The Apollos Old Testament Commentary (AOT) aims to take with equal seriousness the divine and human aspects of Scripture. It expounds the books of the Old Testament in a scholarly manner accessible to non-experts, and it shows the relevance of the Old Testament to modern readers. Written by an international team of scholars and edited by David W. Baker and Gordon J. Wenham, these commentaries are intended to serve the needs of those who preach from the Old Testament, as well as scholars and all serious students of the Bible.
The AOT series introduces and examines the books of the Old Testament, bridging the gap between the age in which they were written and the age in which we now read them. Each commentary begins with an Introduction which gives an overview of the issues of date, authorship, sources, and outlines the theology of the book, providing pointers towards its interpretation and contemporary application. An annotated Translation of the Hebrew text by the author forms the basis for the subsequent commentary.
Within the commentary, form and structure sections examine the context, rhetorical devices, and source and form-critical issues of each passage. Comment sections offer thorough, detailed exegesis of the historical and theological meaning of each passage, and explanation sections offer a full exposition of the theological message within the framework of biblical theology and a commitment to the inspiration and authority of the Old Testament.
What every preacher and student needs is a commentary that makes positive use of the results of scholarly research while at the same time integrating them sympathetically into a contemporary Christian theological worldview. Many series have set out to achieve this, but few have succeeded. Now at last the Apollos series looks set to do so: the names of the editors and potential contributors, together with the evidence of these early volumes, all inspire confidence.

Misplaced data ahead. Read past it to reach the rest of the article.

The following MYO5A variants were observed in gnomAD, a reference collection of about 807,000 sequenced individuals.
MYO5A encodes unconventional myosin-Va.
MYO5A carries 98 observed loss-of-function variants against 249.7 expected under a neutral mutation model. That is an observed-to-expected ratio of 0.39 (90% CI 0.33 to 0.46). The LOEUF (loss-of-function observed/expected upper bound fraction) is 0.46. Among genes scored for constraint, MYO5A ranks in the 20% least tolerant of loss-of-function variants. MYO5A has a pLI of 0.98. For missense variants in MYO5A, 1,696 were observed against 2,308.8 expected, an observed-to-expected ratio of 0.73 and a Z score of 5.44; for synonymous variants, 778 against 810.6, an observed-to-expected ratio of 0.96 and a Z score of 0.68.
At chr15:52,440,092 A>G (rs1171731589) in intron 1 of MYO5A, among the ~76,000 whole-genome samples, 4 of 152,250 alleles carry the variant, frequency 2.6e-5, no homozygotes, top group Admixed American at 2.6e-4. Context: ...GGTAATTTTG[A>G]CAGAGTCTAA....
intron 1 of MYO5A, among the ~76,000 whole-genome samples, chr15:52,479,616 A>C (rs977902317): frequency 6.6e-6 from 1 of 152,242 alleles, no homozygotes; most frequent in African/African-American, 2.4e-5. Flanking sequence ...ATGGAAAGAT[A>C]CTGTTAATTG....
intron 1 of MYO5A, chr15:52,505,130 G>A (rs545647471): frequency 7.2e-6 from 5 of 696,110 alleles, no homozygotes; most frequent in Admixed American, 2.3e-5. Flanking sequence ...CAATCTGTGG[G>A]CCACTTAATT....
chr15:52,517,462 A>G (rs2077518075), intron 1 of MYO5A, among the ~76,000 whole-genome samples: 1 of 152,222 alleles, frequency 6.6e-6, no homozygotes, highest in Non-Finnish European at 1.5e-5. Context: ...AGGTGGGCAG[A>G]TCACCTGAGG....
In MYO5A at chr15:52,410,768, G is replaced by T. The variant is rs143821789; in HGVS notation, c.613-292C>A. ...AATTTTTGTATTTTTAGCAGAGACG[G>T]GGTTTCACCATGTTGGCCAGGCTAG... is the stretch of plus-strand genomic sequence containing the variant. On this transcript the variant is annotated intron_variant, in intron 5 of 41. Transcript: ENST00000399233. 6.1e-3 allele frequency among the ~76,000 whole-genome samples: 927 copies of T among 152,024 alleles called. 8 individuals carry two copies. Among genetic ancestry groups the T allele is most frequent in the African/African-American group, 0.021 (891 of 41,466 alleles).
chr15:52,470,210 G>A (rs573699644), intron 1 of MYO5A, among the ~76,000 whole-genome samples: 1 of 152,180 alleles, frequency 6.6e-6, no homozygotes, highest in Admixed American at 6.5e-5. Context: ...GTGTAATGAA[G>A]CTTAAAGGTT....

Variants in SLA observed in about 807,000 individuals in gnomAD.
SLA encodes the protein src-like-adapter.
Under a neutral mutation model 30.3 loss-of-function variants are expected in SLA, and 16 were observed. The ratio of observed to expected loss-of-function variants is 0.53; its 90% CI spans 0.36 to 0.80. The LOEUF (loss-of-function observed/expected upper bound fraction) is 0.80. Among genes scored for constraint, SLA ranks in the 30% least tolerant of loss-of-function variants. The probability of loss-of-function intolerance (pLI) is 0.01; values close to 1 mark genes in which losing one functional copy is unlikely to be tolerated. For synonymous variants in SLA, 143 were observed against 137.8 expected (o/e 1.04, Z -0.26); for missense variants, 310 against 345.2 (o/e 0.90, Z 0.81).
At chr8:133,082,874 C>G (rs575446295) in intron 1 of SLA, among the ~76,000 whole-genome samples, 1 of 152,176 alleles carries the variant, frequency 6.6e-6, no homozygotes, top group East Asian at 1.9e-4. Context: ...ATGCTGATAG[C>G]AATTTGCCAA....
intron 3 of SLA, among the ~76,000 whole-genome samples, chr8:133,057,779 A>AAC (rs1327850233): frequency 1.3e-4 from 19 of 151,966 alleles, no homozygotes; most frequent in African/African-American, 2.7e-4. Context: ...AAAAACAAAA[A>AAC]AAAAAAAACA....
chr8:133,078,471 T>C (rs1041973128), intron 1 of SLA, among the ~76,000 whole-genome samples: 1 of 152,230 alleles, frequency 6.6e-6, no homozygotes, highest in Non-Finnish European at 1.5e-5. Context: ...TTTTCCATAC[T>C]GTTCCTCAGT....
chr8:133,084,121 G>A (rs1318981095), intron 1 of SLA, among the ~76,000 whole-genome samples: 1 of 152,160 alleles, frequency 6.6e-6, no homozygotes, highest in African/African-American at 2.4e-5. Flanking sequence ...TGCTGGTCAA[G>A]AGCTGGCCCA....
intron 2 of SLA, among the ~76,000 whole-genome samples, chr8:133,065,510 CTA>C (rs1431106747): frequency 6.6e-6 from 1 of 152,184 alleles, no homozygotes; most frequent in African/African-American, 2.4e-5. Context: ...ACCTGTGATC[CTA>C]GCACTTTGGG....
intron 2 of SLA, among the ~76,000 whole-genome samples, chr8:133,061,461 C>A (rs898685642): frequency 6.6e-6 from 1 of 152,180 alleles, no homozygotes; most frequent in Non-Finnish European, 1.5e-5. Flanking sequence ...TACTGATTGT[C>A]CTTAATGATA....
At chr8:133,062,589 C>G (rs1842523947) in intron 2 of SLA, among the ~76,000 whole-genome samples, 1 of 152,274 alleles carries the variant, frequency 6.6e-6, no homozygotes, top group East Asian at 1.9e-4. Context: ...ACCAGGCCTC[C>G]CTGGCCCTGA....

—H. G. M. Williamson, FBA, Regius Professor of Hebrew, University of Oxford
At last! A commentary series that combines the best of biblical scholarship with a passion for the message of the text. Besides, it actually answers the questions I ask when I read the Scriptures. This series by the finest evangelical scholars is designed for students and pastors who are serious about understanding the Old Testament in its context and translating its message for the church in the twenty-first century.
—Daniel Block, Professor of Old Testament, Wheaton College
Evangelical Old Testament study has made huge strides in the second half of the twentieth century. Tyndale House in the U.K. and IVP internationally were central to that renaissance. And now at the start of the twenty-first century the Apollos Old Testament Commentary Series will build on that foundation as it showcases some of the best contemporary Old Testament interpretation. This series rightly insists on rigorous scholarship but always in the service of the theology and message of the books of the Old Testament. Some outstanding scholars are signed up for this series, and I look forward very much to having these commentaries on my shelves as they appear.
—Craig Bartholomew, Senior Research Fellow, University of Gloucestershire, editor of the Scripture and Hermeneutics series
In the Logos edition, these digital volumes are enhanced by amazing functionality. Scripture citations link directly to English Bible translations, and important terms link to a wealth of other resources in your digital library, including tools for original languages, dictionaries, encyclopedias, commentaries, and theology texts. Perform powerful searches to find exactly what you’re looking for. Take the discussion with you using tablet and mobile apps. With Logos Bible Software, the most efficient and comprehensive research tools are in one place, so you get the most out of your study.
David W. Baker (AB, MCS, MPhil, PhD) is professor of Old Testament and Semitic languages at Ashland Theological Seminary in Ashland, Ohio. He serves as editor for the Evangelical Theological Society Dissertation and Evangelical Theological Society Studies series as well as for Sources for Biblical and Theological Studies (Eisenbrauns, Winona Lake). He is coauthor (with Bill T. Arnold) of The Face of Old Testament Studies: A Survey of Contemporary Approaches. In addition, he has written many articles, essays and commentaries.
Gordon J. Wenham is lecturer in Old Testament at Trinity College, Bristol. He was formerly professor of Old Testament at the University of Gloucestershire. He is a recognized expert on the Pentateuch and has written commentaries on Genesis, Leviticus, and Numbers in addition to numerous studies in the Old Testament.